Upgrades in Knoxville traffic lights could help cut drive time

Technology upgrades in Knoxville traffic lights may improve traffic flow

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By STEPHANIE BEECKEN
6 News Reporter

KNOXVILLE (WATE) - We're learning what a new traffic management system would mean to the city of Knoxville. Mayor Madeline Rogero included funding for it in her budget proposal released last week. The idea drew a round of applause from the crowd.

According to city engineers traffic can back up in Knoxville more than it should because of outdated technology in the traffic lights. The city's engineer compared these traffic lights to 15 year old PC's not connected to the internet, but the city is in the early stages of improving the lights to improve traffic flow to cut down on your drive time.

Juniper Stinnett lives in Knoxville. She says driving through the city can sometimes be a headache.

"I feel like the lights could have been engineered better-- that's just my observation it gets clogged up and slow often," said Stinnett.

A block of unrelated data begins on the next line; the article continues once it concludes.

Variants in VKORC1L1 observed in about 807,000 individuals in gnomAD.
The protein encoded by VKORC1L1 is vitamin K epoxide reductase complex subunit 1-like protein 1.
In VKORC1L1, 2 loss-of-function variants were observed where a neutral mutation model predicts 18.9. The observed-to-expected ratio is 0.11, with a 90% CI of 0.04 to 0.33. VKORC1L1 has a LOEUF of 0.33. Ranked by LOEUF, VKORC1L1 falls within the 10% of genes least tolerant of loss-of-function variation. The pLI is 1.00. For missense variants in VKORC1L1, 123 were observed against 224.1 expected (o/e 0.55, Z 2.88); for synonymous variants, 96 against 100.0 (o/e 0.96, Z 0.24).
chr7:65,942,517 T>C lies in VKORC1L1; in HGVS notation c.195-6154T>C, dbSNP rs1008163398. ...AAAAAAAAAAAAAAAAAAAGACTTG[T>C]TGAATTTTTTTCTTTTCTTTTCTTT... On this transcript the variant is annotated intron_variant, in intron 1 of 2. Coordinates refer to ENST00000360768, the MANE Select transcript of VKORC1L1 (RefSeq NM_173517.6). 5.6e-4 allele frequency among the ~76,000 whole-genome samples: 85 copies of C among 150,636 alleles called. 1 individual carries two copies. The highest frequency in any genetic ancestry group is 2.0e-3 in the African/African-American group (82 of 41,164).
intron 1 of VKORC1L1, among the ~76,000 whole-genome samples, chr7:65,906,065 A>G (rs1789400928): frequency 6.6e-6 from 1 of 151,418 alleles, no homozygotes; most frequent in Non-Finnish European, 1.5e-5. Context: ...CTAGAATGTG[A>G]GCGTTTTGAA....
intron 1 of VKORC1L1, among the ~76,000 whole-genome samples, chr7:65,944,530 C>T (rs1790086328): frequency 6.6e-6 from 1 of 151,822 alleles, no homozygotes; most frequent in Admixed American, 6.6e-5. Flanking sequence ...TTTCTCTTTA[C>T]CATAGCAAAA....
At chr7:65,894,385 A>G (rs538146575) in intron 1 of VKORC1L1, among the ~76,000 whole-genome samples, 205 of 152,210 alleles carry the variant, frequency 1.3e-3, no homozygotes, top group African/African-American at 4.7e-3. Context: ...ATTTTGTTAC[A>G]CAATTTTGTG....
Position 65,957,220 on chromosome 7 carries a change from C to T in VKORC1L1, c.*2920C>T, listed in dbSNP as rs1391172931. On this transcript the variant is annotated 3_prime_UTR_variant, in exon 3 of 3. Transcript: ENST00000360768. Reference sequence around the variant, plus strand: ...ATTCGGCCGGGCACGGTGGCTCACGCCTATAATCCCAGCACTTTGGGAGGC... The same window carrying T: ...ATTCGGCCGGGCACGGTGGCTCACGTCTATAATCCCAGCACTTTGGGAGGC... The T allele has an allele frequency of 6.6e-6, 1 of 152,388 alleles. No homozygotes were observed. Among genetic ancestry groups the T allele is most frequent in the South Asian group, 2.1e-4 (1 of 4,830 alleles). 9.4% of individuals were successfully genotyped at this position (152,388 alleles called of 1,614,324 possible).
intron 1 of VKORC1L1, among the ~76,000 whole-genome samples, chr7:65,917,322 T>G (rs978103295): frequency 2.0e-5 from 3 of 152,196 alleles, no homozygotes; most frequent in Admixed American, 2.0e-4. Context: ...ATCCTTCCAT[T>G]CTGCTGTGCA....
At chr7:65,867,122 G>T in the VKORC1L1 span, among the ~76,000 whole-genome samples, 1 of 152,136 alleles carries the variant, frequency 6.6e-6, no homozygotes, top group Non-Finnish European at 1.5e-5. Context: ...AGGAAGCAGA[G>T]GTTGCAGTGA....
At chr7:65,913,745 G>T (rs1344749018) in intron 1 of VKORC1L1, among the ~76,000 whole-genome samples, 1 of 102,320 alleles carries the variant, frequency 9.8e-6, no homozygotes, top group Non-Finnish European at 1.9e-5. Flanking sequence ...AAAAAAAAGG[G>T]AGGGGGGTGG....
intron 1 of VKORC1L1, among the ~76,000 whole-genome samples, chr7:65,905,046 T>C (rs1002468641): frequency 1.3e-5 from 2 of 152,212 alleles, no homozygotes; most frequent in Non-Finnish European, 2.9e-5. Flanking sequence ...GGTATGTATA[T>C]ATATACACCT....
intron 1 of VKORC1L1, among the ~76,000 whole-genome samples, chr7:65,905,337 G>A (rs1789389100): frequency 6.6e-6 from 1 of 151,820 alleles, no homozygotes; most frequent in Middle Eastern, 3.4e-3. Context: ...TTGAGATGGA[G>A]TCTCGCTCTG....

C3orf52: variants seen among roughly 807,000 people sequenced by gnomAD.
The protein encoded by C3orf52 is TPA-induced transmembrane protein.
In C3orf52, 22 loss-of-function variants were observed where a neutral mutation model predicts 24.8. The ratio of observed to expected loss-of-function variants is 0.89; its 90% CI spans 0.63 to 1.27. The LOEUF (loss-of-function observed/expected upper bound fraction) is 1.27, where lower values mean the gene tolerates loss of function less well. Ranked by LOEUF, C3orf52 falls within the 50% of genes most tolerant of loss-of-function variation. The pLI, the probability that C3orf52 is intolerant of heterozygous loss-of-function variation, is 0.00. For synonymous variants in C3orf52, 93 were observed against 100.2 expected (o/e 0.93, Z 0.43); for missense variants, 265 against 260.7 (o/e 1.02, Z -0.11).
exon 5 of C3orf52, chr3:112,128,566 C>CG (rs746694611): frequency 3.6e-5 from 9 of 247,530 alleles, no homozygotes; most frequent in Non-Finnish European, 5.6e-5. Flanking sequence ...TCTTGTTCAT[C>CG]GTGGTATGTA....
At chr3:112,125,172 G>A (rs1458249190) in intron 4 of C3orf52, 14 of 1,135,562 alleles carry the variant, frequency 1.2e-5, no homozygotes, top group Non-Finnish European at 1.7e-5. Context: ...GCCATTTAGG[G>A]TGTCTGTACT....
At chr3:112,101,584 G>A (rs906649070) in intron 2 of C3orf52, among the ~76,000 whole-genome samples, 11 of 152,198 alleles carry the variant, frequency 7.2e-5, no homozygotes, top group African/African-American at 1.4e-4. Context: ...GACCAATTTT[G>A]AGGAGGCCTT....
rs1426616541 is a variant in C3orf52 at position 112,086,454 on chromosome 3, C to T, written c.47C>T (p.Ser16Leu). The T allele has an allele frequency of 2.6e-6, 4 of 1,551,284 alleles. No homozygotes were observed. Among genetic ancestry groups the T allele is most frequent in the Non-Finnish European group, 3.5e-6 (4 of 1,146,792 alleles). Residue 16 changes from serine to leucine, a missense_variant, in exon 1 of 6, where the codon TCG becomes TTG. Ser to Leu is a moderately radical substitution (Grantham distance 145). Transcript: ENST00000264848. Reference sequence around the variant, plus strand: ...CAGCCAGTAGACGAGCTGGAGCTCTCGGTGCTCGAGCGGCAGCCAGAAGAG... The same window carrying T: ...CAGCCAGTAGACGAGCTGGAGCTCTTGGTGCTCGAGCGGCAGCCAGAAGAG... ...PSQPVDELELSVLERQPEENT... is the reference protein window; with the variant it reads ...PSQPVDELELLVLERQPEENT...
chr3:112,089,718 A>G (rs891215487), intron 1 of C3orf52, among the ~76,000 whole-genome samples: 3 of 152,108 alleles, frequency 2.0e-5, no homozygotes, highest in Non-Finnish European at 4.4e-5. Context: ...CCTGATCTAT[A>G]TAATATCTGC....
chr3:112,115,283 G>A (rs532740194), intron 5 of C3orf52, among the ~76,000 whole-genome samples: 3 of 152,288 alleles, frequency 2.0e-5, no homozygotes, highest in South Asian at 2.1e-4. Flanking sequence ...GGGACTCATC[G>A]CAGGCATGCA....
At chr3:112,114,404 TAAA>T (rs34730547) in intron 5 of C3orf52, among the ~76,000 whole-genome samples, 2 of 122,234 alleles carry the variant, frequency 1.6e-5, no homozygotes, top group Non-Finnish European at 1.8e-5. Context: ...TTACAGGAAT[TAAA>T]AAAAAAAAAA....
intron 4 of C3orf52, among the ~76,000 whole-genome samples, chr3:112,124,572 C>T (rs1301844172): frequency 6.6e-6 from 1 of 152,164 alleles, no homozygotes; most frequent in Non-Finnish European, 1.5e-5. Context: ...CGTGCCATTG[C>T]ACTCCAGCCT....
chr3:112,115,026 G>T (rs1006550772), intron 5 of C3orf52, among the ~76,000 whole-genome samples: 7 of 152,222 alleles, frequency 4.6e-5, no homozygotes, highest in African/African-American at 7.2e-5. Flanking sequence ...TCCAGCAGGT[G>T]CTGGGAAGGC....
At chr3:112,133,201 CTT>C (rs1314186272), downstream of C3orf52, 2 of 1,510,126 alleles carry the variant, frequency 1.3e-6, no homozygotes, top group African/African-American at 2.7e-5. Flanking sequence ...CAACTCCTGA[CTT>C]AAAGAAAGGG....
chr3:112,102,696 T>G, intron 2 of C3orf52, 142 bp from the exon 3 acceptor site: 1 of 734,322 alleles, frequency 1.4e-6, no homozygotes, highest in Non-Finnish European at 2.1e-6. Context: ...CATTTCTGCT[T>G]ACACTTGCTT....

To improve the traffic flow the city of Knoxville has applied for a federal matching grant to update the traffic lights. Knoxville's Director of Engineering Jim Hagerman says replacing the 15 year old lights would benefit all who drive through the city.

"It will cut down commute time, cut down on air quality impacts of people sitting and idling, cut down fuel consumption and cut down frustration," said Hagerman.

The new traffic lights would communicate with each other for improved traffic flow. Also if any issue is detected a signal would be sent to the central office reducing the repair response time. But Knoxville driver Derek Spratley says motion detectors at the lights also need an upgrade.

"It is frustrating somewhat to sit at lights when there's no traffic coming," said Spratley.

Hagerman says under the plan many lights would be controlled by video or radar sensors. Those devices are more accurate than the underground motion sensors used today.

He says the project will cost the city $500,000 a year for the next six years. The federal government will provide $2 million a year through a road improvements grant. The grant still has to go through final design approvals but Hagerman says it is almost certain the project will go forward as long as the federal government doesn't make a surprise cut to the funding. It's a cost many drivers see as an investment.

"With the stop and go traffic flow I'm sure that's harder on your gas so it seems like a very positive thing to me," said Spratley.

This fiscal year the design and technology approvals would be finalized. Hardware would go in improving traffic flow by July of next year.

The grant funding is scheduled to start at the beginning of this fiscal year. If approved major corridors like Kingston Pike would be updated first.

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